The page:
The stars of Monty Python’s Flying Circus, Britain’s latter-day version of the Marx Brothers, present a series of rip-roaring, rib-tickling sketches drawn from their television show.
This first movie from the Python team was intended to introduce the team’s humour to an American audience.
Funny walks and dead parrots are among the items in this compilation of skits. The production is somewhat uneven, and the film lacks any overall coherence, but there’s loads of side-splitting comedy throughout.
There is, for example, the sketch about the Hungarian in the tobacco shop, trying to order cigarettes with the aid of his English-Hungarian Dictionary. “This record is scratched,” he announces confidently. Later, he runs into difficulty when he tries to ask directions and instead insults people with obscene and scatological phrases. The publisher of the dictionary is eventually hauled into court on charges of breaching the peace – but not before the hapless Hungarian buyers of his dictionary have found themselves in the most embarrassing of situations.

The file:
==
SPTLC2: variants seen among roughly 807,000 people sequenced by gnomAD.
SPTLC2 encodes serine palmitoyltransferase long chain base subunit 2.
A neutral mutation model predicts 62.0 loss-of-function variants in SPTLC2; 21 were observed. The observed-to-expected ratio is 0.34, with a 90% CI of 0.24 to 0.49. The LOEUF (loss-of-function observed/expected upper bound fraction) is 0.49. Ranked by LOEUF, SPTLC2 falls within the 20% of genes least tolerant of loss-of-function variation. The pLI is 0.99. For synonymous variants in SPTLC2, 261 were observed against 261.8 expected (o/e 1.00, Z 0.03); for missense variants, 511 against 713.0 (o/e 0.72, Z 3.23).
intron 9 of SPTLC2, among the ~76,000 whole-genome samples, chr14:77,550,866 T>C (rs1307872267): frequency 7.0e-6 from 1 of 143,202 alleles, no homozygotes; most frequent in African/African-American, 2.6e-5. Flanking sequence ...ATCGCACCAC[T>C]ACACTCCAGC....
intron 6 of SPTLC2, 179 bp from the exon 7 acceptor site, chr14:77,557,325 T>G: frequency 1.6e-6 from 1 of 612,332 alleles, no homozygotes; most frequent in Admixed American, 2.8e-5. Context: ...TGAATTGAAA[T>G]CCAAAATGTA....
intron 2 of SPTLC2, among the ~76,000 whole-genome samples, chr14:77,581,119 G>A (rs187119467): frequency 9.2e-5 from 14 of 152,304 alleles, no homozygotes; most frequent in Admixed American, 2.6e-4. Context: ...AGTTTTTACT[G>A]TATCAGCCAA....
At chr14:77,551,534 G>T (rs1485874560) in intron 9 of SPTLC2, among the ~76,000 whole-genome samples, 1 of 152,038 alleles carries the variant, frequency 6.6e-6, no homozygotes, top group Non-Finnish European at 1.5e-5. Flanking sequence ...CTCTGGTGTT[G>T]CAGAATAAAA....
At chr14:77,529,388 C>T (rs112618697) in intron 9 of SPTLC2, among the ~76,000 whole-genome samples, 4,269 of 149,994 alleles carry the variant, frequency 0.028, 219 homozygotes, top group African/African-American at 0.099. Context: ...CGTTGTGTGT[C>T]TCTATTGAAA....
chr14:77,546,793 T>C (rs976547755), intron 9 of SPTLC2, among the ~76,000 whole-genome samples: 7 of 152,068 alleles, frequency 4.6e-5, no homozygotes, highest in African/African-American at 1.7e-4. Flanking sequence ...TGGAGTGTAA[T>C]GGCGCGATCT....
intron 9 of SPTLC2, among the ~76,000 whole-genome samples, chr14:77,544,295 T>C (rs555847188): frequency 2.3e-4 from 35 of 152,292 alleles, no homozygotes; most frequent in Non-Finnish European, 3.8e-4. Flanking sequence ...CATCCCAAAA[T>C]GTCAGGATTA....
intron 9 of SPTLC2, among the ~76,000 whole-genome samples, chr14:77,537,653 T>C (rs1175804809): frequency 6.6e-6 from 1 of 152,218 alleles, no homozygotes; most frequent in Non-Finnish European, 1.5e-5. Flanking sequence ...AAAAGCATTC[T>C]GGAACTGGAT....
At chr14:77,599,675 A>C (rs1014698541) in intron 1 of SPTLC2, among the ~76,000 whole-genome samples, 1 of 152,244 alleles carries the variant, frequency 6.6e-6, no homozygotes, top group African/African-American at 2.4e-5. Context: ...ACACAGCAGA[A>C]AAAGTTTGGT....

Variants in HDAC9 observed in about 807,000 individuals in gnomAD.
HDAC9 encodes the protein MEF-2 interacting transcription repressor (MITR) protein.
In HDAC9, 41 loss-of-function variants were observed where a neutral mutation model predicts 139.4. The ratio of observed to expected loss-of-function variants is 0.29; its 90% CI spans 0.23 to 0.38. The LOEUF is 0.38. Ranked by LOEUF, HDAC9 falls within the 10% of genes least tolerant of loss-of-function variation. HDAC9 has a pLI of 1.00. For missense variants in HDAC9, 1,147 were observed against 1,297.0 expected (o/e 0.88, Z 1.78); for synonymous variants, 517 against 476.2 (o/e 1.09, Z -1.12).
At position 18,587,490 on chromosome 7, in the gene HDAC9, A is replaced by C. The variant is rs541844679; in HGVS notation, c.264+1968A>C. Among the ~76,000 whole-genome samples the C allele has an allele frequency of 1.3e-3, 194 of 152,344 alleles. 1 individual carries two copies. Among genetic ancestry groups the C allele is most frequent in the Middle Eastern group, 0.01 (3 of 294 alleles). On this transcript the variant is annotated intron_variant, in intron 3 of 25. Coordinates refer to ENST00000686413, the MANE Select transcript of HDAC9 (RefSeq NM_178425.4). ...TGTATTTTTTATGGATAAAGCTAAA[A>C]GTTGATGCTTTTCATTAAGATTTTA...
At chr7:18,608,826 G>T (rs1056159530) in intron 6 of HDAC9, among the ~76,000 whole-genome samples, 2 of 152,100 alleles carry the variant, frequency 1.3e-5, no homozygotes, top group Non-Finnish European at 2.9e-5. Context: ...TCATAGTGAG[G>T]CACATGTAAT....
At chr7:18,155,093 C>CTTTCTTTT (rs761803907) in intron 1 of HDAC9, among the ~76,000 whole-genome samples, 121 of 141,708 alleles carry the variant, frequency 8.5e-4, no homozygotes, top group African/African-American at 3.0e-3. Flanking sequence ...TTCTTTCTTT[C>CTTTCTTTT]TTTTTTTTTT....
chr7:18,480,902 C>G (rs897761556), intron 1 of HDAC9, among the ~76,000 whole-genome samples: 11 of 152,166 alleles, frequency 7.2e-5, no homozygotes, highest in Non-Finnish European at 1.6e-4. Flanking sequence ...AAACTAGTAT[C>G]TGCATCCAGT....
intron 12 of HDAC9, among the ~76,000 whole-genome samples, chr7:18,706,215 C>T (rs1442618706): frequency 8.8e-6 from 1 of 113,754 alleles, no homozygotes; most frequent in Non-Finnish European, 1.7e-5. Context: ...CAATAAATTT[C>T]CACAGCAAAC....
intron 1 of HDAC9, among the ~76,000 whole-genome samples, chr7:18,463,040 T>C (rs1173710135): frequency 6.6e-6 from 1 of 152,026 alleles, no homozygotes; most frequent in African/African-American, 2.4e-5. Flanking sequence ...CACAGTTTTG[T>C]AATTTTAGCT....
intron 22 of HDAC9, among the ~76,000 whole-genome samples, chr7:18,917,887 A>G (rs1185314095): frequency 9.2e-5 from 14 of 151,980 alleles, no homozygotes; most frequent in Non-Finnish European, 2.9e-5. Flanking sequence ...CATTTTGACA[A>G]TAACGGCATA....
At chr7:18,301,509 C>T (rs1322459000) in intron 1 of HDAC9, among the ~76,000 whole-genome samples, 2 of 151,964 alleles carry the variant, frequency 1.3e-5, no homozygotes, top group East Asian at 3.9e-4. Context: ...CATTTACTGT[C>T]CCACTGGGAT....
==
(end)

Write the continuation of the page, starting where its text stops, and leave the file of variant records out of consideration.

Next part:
Then there’s the section on “Granny Gangs,” wolf packs of little old ladies who roam the city assaulting young men by banging them about the ears with their purses. And the gang of “Baby Snatchers” – full-grown men in nappies who snatch adults away from out the front of supermarkets (“I just left him here for a moment while I went inside to buy something,” a woman tells police after her husband is snatched).
And the “Upper-Class Twit of the Year” contest. And a unique TV show named ‘Blackmail,’ where secret films of people’s private lives are shown and the victims have to telephone in with a money offer to have the film stopped.